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Camera Maker RED Claims "Holographic" Phone

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The company known as RED might be famous for high-end digital cinema cameras, but it is now also taking on smartphones with the announcement of the Hydrogen One, the "first holographic media machine."

Hydrogen OneDetails on the Hydrogen One are scant. A bombastic press release claims the device features a 5.7-inch screen able to display regular 2D media, stereo 3D media and "4-view content," something RED fails to actually define. The phone should also be able to handle augmented, virtual and mixed reality, all without need for glasses.

Otherwise, the only details officially known about the smartphone are its featuring a USB-C port, microSD card slot and headphone jack. However, the curious can glean more information from the RED patent for “Modular Digital Camera and Cellular Phone,” which describes a strange device featuring rectangular modules (such as a spare battery, speaker, projector and cameras) users can slot on the back or front.

The Camera-Equipped Smart Wallet

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The Volterman adds a high-tech security twist to the regular wallet-- the "smart" wallet features GPS and 3G connectivity, as well as a RFID protection and a camera allowing it snap pictures of would-be thieves.

VoltermanThe wallet essentially packs the internals of a somewhat dated smartphone, only without the screen. Users can pair it with their phones via Bluetooth 5.0, providing an alarm in case the wallet is lost. The GPS helps in the finding of said wallet, while 3G connectivity turns it into a wifi hotspot.

The aforementioned camera is an optional extra. It switches on when the camera is in lost mode, and snaps and sends photos of anyone who opens the wallet. Powering it are 512MB of RAM and a battery one can also use to charge other mobile devices.

Gartner: 2017 Device Shipments Essentially Flat

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Gartner forecasts global shipments of PCs, tablets and smartphones to reach 2.3 billion in 2017-- a -0.3% decline from 2016, with the market expected to return to slight growth in 2018 with a 1.6% shipment increase.

"Overall, the shipment growth of the device market is steady for the first time in many years," the analyst says. "PC shipments are slightly lower while phone shipments are slightly higher-- leading to a slight downward revision in shipments from the previous forecast."

Gartner market

As one might expect, PC shipments remain on the decline, with 2017 dropping by -3%. However such decline is slower than in recent years, thanks to Windows 10 replacement purchasing. The prices of components such as DRAM and SSDs continue to increase, creating headwinds for the global PC market and (to a lesser extent) the smartphone market. Manufacturers are absorbing at least some of the impact of PC component prices, due to fears that a PC price increase will reduce their share of a competitive market.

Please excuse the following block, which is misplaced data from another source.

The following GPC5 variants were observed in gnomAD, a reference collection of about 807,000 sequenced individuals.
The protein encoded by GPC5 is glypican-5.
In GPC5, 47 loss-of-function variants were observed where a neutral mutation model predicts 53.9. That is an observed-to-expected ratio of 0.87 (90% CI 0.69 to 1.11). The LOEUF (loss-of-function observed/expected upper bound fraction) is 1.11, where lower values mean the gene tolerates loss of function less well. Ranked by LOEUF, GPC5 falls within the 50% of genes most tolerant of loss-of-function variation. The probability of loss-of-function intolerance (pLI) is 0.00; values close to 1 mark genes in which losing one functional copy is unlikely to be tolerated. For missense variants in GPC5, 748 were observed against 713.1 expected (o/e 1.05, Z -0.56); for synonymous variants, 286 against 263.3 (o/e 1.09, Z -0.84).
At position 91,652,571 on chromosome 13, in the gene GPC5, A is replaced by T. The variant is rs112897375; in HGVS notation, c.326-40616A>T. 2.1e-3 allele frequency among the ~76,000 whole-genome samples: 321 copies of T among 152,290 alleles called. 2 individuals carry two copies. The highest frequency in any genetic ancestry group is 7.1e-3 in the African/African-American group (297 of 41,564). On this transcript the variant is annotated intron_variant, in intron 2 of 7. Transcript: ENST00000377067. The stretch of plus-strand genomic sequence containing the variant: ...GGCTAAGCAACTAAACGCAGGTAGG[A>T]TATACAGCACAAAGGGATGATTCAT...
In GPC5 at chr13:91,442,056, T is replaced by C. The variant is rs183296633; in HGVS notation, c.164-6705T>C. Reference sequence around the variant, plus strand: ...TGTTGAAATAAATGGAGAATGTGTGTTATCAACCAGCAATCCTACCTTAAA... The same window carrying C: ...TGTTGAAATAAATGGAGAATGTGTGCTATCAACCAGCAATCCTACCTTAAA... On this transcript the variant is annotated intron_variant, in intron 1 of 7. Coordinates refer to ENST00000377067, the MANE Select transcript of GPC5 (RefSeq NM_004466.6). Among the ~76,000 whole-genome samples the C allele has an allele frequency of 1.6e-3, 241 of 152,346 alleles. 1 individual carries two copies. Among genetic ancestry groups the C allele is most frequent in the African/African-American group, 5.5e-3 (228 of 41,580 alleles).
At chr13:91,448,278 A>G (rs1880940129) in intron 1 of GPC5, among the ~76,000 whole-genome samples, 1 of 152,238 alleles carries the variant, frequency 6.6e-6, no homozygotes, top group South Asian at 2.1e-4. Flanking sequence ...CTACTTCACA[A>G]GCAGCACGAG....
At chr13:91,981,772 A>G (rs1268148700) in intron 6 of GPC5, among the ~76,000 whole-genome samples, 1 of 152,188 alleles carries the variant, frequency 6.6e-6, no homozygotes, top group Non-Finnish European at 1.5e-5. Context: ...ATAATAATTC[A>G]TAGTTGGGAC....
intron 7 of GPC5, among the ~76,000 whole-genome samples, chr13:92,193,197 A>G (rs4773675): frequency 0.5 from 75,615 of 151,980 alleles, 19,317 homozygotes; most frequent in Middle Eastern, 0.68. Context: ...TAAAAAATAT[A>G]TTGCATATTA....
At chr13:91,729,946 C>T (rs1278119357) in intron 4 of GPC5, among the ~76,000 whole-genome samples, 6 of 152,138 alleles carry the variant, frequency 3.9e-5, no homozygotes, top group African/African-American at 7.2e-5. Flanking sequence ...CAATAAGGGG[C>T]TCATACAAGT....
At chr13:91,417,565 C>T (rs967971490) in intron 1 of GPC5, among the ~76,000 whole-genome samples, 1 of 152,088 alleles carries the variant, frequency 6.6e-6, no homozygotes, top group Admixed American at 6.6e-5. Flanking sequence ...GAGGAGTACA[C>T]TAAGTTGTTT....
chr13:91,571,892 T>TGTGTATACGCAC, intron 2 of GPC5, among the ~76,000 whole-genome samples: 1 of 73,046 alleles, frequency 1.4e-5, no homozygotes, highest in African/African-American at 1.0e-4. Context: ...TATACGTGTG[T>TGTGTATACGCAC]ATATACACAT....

TP-Link Routers Get HomeCare Security

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TP-Link presents HomeCare-- a networking security solution featuring built-in Trend Micro antivirus control, dynamic security features and customisable parental controls.

TP-Link routerAvailable as a firmware update for select TP-Link products (namely the recently announced Deco M5 Whole-Home Wifi System and Archer C5400, C3150 and C2300 routers), HomeCare promises an all-in-one solution combining speed with comprehensive security features. An intrusion prevention system protects against malware and hackers, while malicious site blocking prevents access to dodgy websits from within the network.

An additional security layer quarantines previously infested devices joining the network, and provides instant warnings for users to take necessary steps to fix infected devices. Trend Micro should also keep the system up to date with regular updates, ensuring the network remains protected against new threats.

Toshiba Claims QLC BiCS Flash 3D Memory

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Toshiba announces the development of next generation 4-bit-per-cell quadruple-level cell (QLC) 3D flash memory-- allowing it to produce "the world's largest die capacity" at 768Gb (96GB).

Toshiba QLC FlashIn comparison, 3-bit triple-level cell (TLC) 3D flash maxes out at 512Gb.

The technology involves a 64-layer stacked cell structure, and allows the creation of a 1.5TB device with a 16-die stacked architecture in a single package, making another capacity record. This represents a 50% increase in capacity per package, at least when compared to an earlier Toshiba device with 1TB capacity via 16-die stacked architecture in a single package.

Creating such a device poses a number of challenges, since increasing the number of bits-per-cell by one within the same electron count requires twice the accuracy of TLC technology.

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